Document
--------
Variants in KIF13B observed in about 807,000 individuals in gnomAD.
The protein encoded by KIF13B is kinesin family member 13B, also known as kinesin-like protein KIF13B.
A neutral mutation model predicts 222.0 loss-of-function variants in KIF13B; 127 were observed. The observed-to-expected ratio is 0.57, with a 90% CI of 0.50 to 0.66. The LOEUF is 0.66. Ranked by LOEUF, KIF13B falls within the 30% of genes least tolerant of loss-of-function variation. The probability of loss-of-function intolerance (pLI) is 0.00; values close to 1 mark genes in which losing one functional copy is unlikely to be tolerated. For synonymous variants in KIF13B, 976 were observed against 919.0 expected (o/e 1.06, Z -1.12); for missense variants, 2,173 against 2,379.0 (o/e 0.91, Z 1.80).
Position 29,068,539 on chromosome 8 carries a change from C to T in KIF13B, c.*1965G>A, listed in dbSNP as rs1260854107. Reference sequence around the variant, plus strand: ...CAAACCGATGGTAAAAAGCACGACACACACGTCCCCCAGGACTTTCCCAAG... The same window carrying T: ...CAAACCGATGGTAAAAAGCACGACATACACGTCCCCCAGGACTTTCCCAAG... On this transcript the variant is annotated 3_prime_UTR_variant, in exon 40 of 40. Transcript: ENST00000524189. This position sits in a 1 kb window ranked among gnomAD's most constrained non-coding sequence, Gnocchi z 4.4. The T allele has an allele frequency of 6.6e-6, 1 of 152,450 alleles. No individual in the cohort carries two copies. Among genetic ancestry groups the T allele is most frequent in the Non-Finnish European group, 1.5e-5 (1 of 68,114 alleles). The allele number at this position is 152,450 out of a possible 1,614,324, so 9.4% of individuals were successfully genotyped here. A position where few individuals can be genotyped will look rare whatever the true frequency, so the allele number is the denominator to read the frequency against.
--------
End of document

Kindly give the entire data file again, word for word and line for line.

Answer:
Variants in KIF13B observed in about 807,000 individuals in gnomAD.
The protein encoded by KIF13B is kinesin family member 13B, also known as kinesin-like protein KIF13B.
A neutral mutation model predicts 222.0 loss-of-function variants in KIF13B; 127 were observed. The observed-to-expected ratio is 0.57, with a 90% CI of 0.50 to 0.66. The LOEUF is 0.66. Ranked by LOEUF, KIF13B falls within the 30% of genes least tolerant of loss-of-function variation. The probability of loss-of-function intolerance (pLI) is 0.00; values close to 1 mark genes in which losing one functional copy is unlikely to be tolerated. For synonymous variants in KIF13B, 976 were observed against 919.0 expected (o/e 1.06, Z -1.12); for missense variants, 2,173 against 2,379.0 (o/e 0.91, Z 1.80).
Position 29,068,539 on chromosome 8 carries a change from C to T in KIF13B, c.*1965G>A, listed in dbSNP as rs1260854107. Reference sequence around the variant, plus strand: ...CAAACCGATGGTAAAAAGCACGACACACACGTCCCCCAGGACTTTCCCAAG... The same window carrying T: ...CAAACCGATGGTAAAAAGCACGACATACACGTCCCCCAGGACTTTCCCAAG... On this transcript the variant is annotated 3_prime_UTR_variant, in exon 40 of 40. Transcript: ENST00000524189. This position sits in a 1 kb window ranked among gnomAD's most constrained non-coding sequence, Gnocchi z 4.4. The T allele has an allele frequency of 6.6e-6, 1 of 152,450 alleles. No individual in the cohort carries two copies. Among genetic ancestry groups the T allele is most frequent in the Non-Finnish European group, 1.5e-5 (1 of 68,114 alleles). The allele number at this position is 152,450 out of a possible 1,614,324, so 9.4% of individuals were successfully genotyped here. A position where few individuals can be genotyped will look rare whatever the true frequency, so the allele number is the denominator to read the frequency against.